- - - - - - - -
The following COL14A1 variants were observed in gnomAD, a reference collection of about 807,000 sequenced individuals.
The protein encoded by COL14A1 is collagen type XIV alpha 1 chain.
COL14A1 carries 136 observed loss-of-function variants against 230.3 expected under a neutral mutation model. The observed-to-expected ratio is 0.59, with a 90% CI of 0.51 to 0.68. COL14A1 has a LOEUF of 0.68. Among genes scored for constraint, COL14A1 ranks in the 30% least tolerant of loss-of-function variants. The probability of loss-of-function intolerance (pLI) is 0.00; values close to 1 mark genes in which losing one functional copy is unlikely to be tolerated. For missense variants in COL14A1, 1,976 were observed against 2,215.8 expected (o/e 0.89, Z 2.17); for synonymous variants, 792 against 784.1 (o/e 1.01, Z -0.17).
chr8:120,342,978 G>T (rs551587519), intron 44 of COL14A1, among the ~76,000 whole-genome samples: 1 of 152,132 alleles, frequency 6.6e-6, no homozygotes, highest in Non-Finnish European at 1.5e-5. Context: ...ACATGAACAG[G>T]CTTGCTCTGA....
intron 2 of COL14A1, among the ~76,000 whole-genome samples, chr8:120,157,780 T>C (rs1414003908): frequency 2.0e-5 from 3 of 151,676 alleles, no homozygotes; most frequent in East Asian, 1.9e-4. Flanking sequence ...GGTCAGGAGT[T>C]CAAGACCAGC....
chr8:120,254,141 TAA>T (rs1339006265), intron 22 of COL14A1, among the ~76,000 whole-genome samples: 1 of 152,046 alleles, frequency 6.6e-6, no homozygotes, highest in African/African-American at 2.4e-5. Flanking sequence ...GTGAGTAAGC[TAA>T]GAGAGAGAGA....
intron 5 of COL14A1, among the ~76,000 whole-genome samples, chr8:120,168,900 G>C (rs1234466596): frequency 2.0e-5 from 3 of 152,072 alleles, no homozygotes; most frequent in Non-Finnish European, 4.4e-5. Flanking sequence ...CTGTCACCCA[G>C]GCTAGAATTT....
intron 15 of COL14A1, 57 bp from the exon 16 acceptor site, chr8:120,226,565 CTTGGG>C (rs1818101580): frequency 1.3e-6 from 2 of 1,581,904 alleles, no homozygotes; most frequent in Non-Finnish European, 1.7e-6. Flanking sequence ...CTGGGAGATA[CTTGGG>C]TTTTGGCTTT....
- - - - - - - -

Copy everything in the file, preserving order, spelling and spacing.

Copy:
The following COL14A1 variants were observed in gnomAD, a reference collection of about 807,000 sequenced individuals.
The protein encoded by COL14A1 is collagen type XIV alpha 1 chain.
COL14A1 carries 136 observed loss-of-function variants against 230.3 expected under a neutral mutation model. The observed-to-expected ratio is 0.59, with a 90% CI of 0.51 to 0.68. COL14A1 has a LOEUF of 0.68. Among genes scored for constraint, COL14A1 ranks in the 30% least tolerant of loss-of-function variants. The probability of loss-of-function intolerance (pLI) is 0.00; values close to 1 mark genes in which losing one functional copy is unlikely to be tolerated. For missense variants in COL14A1, 1,976 were observed against 2,215.8 expected (o/e 0.89, Z 2.17); for synonymous variants, 792 against 784.1 (o/e 1.01, Z -0.17).
chr8:120,342,978 G>T (rs551587519), intron 44 of COL14A1, among the ~76,000 whole-genome samples: 1 of 152,132 alleles, frequency 6.6e-6, no homozygotes, highest in Non-Finnish European at 1.5e-5. Context: ...ACATGAACAG[G>T]CTTGCTCTGA....
intron 2 of COL14A1, among the ~76,000 whole-genome samples, chr8:120,157,780 T>C (rs1414003908): frequency 2.0e-5 from 3 of 151,676 alleles, no homozygotes; most frequent in East Asian, 1.9e-4. Flanking sequence ...GGTCAGGAGT[T>C]CAAGACCAGC....
chr8:120,254,141 TAA>T (rs1339006265), intron 22 of COL14A1, among the ~76,000 whole-genome samples: 1 of 152,046 alleles, frequency 6.6e-6, no homozygotes, highest in African/African-American at 2.4e-5. Flanking sequence ...GTGAGTAAGC[TAA>T]GAGAGAGAGA....
intron 5 of COL14A1, among the ~76,000 whole-genome samples, chr8:120,168,900 G>C (rs1234466596): frequency 2.0e-5 from 3 of 152,072 alleles, no homozygotes; most frequent in Non-Finnish European, 4.4e-5. Flanking sequence ...CTGTCACCCA[G>C]GCTAGAATTT....
intron 15 of COL14A1, 57 bp from the exon 16 acceptor site, chr8:120,226,565 CTTGGG>C (rs1818101580): frequency 1.3e-6 from 2 of 1,581,904 alleles, no homozygotes; most frequent in Non-Finnish European, 1.7e-6. Flanking sequence ...CTGGGAGATA[CTTGGG>C]TTTTGGCTTT....